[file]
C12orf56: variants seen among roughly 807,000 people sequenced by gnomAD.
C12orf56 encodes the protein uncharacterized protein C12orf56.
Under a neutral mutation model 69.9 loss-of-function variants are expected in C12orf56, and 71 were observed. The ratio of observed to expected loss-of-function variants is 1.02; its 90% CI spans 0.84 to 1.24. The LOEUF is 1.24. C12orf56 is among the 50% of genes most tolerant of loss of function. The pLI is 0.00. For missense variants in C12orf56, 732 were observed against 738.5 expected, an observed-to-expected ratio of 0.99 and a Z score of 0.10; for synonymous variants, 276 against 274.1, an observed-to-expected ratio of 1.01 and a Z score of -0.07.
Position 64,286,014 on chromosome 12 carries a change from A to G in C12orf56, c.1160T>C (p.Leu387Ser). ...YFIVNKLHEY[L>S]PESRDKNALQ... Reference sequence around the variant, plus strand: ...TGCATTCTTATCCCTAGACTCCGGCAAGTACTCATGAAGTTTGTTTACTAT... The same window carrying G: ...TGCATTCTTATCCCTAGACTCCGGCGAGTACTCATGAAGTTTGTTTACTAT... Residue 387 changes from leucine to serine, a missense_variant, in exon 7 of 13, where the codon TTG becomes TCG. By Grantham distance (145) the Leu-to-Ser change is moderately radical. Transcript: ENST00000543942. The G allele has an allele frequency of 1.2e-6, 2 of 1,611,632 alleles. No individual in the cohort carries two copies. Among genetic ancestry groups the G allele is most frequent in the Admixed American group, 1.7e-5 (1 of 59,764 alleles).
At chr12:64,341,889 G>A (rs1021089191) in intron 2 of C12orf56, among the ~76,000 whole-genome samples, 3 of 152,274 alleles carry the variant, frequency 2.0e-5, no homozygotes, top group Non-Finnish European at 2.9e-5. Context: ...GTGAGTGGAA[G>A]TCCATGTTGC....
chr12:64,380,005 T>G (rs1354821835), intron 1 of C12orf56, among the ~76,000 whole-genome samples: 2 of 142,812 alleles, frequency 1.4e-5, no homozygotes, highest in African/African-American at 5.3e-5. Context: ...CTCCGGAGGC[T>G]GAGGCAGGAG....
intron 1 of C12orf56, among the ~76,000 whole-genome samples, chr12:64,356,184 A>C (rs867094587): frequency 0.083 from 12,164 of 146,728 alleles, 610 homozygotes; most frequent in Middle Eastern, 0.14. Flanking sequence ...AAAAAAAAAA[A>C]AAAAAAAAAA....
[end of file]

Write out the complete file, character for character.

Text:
C12orf56: variants seen among roughly 807,000 people sequenced by gnomAD.
C12orf56 encodes the protein uncharacterized protein C12orf56.
Under a neutral mutation model 69.9 loss-of-function variants are expected in C12orf56, and 71 were observed. The ratio of observed to expected loss-of-function variants is 1.02; its 90% CI spans 0.84 to 1.24. The LOEUF is 1.24. C12orf56 is among the 50% of genes most tolerant of loss of function. The pLI is 0.00. For missense variants in C12orf56, 732 were observed against 738.5 expected, an observed-to-expected ratio of 0.99 and a Z score of 0.10; for synonymous variants, 276 against 274.1, an observed-to-expected ratio of 1.01 and a Z score of -0.07.
Position 64,286,014 on chromosome 12 carries a change from A to G in C12orf56, c.1160T>C (p.Leu387Ser). ...YFIVNKLHEY[L>S]PESRDKNALQ... Reference sequence around the variant, plus strand: ...TGCATTCTTATCCCTAGACTCCGGCAAGTACTCATGAAGTTTGTTTACTAT... The same window carrying G: ...TGCATTCTTATCCCTAGACTCCGGCGAGTACTCATGAAGTTTGTTTACTAT... Residue 387 changes from leucine to serine, a missense_variant, in exon 7 of 13, where the codon TTG becomes TCG. By Grantham distance (145) the Leu-to-Ser change is moderately radical. Transcript: ENST00000543942. The G allele has an allele frequency of 1.2e-6, 2 of 1,611,632 alleles. No individual in the cohort carries two copies. Among genetic ancestry groups the G allele is most frequent in the Admixed American group, 1.7e-5 (1 of 59,764 alleles).
At chr12:64,341,889 G>A (rs1021089191) in intron 2 of C12orf56, among the ~76,000 whole-genome samples, 3 of 152,274 alleles carry the variant, frequency 2.0e-5, no homozygotes, top group Non-Finnish European at 2.9e-5. Context: ...GTGAGTGGAA[G>A]TCCATGTTGC....
chr12:64,380,005 T>G (rs1354821835), intron 1 of C12orf56, among the ~76,000 whole-genome samples: 2 of 142,812 alleles, frequency 1.4e-5, no homozygotes, highest in African/African-American at 5.3e-5. Context: ...CTCCGGAGGC[T>G]GAGGCAGGAG....
intron 1 of C12orf56, among the ~76,000 whole-genome samples, chr12:64,356,184 A>C (rs867094587): frequency 0.083 from 12,164 of 146,728 alleles, 610 homozygotes; most frequent in Middle Eastern, 0.14. Flanking sequence ...AAAAAAAAAA[A>C]AAAAAAAAAA....